Question: Nearly a decade after launching Nefesh B’Nefesh, are you surprised by the impact that North American Aliyah has made on Israel?
Rabbi Fass: In addition to the fact that 27,000 western olim are now living happy, successful and productive lives in Israel, this wave of aliyah has made a great impact on the country as a whole. Western olim are helping to build up the North and South of Israel.
They are making a tremendous economic impact on the county as well. Several years ago, a Deloitte study found that the net infusion into the Israeli economy by 8,000 Nefesh B’Nefesh olim over a five year period was approximately $300,000,000.
I think that Israel has also been witnessing a significant improvement in its customer service as a direct result of the standards that western olim have imparted on the local service providers.
Question: What were the biggest challenges for you on a personal and professional level?
Rabbi Fass: On a personal level, I found it challenging developing the necessary skills to manage an organization that was so much larger than initially anticipated. We rapidly grew from a small six-person operation to an organization of more than 75 employees.
I also found it challenging balancing the micro-level personal needs of the olim while simultaneously managing the macro-level day to day running of an organization. It was certainly an interesting task working out how to juggle all of the varied responsibilities.
Professionally, we have worked hard on interfacing with Israeli government agencies- networking and lobbying for the future of Anglo Aliyah, as well as the future of Nefesh B’Nefesh.
Question: Has the economic downturn in the USA impacted on Aliyah?
Rabbi Fass: Yes it has, in several ways. Some families who spent years saving for their Aliyah have had to dip into these reserves while still in America and are now consequently asking for more financial assistance from the organization.
Since the U.S. real estate market has yet to recover, we have also found that, while years ago families were able to sell their homes and bring some funds for a down payment on their new property in Israel, today families are selling their homes at a loss or deciding to rent them out to cover their mortgage. Additionally it is particularly challenging fundraising in this financial climate.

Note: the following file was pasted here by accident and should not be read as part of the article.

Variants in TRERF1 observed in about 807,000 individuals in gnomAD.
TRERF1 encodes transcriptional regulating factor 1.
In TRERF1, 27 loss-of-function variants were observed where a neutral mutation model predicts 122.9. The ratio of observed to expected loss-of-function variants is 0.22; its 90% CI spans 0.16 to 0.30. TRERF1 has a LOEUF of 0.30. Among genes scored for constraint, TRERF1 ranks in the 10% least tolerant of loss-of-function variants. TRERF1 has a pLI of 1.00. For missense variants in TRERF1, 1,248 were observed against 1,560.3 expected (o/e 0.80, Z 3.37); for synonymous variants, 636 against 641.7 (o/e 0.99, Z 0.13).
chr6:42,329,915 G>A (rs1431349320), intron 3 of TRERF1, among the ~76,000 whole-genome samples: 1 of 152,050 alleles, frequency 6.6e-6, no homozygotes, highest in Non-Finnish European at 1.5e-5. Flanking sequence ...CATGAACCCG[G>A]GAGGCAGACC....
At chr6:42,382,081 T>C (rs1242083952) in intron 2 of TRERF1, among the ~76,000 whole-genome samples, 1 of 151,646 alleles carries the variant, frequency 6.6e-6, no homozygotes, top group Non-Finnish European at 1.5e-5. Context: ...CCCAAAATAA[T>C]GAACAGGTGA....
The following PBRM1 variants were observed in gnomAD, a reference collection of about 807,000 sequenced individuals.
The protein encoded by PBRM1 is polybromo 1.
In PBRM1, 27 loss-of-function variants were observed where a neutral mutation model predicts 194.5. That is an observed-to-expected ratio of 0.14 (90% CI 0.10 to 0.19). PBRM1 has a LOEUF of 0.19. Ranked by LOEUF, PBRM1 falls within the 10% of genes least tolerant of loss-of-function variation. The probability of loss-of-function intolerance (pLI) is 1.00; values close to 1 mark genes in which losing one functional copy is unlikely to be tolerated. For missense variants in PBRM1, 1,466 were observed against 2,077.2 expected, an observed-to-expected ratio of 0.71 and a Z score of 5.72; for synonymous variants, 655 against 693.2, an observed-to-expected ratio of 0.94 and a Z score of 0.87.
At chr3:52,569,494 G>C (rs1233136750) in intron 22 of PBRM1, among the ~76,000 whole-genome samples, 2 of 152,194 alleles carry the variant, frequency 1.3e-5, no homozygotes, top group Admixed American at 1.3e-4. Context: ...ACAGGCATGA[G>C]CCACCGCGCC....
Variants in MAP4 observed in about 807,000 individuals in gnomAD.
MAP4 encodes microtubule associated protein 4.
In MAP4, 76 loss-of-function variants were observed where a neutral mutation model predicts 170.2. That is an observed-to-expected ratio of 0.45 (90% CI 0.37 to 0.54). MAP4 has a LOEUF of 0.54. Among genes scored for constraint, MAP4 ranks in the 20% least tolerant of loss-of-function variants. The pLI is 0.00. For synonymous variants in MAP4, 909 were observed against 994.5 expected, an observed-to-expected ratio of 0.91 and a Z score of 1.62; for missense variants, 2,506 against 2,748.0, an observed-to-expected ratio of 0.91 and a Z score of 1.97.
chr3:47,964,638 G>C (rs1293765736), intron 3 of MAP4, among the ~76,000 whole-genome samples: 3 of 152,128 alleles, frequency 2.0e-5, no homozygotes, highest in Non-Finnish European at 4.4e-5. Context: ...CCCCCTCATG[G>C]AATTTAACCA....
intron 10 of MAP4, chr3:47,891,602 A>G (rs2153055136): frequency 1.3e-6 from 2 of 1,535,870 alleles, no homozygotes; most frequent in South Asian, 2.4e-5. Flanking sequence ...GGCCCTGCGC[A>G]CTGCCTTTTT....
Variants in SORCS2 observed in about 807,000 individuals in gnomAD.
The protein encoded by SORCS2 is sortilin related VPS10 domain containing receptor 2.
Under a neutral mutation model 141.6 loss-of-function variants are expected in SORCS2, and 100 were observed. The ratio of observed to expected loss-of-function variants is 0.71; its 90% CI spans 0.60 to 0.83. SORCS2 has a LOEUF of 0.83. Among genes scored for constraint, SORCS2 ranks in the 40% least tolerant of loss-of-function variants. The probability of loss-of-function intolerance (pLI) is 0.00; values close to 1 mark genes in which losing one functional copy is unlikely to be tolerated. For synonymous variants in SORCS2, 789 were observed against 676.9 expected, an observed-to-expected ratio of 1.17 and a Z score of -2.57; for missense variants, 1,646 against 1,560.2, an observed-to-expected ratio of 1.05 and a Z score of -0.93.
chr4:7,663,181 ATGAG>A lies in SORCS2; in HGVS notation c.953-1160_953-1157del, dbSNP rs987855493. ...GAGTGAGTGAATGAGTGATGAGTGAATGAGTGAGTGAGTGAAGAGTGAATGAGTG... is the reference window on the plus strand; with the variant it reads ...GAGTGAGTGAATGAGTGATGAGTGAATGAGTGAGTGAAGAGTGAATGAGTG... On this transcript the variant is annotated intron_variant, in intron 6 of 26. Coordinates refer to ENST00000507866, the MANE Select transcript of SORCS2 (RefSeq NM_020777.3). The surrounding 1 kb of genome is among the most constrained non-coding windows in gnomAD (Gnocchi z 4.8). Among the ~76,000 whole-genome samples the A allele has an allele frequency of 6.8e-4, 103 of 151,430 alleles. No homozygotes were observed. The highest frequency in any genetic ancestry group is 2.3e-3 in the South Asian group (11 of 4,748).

Although, having said all this, because the Israeli economy is doing better than the American one, we are also seeing a much larger population of young professionals expressing interest in Aliyah than ever before.
Question: Has Israeli society "accepted" the new olim?
Rabbi Fass: I have found that ten years after launching this project, the response and receptivity of Israelis to North American olim has certainly come a long way. Municipalities, agencies, corporations and government officials, all understand that apart from the ideological drive, talents, western values, education and resources that North American olim bring to Israel, they also infuse the country with a powerful Zionistic energy.
At the same time as Israel contends with the issue of so many of its own people departing the country, there are increasing numbers of Americans who are choosing to forgoe the “American Dream” in order to come to Israel. This therefore only ingratiates the olim into Israeli society. Recently an oleh told me that he was in the shuk (Israeli market) and someone yelled at him, “You made Aliyah from the U.S.? You are a meshuganah (crazy person)! Now come, let me give you a hug!”
Question: Can you give some examples of true Aliyah success stories?
Rabbi Fass: There are so many to choose from…From the IDF soldier who was adamant on getting into the most elite of units - even after being wounded, to the doctor who is making breakthroughs in cancer research.
From the special education expert who opened a unique clinic for autistic children, to the Rabbi who established a synagogue up North and welcomes Jews from all backgrounds into his home. From the high school student who persevered despite his difficult adjustment and who was recently accepted to an incredibly prestigious program, to the oleh who opened up his own franchise of slurpee style drinks.
Each oleh has his unique Aliyah story. Each oleh is helping to build a stronger Israel in his own way. It has been extremely gratifying for me to have had the opportunity of being part of all of these special experiences.
“This article is part of a promotional Aliyah section.”
The Jewish Week feels comments create a valuable conversation and wants to feature your thoughts on our website. To make everyone feel welcome, we won't publish comments that are profane, irrelevant, promotional or make personal attacks.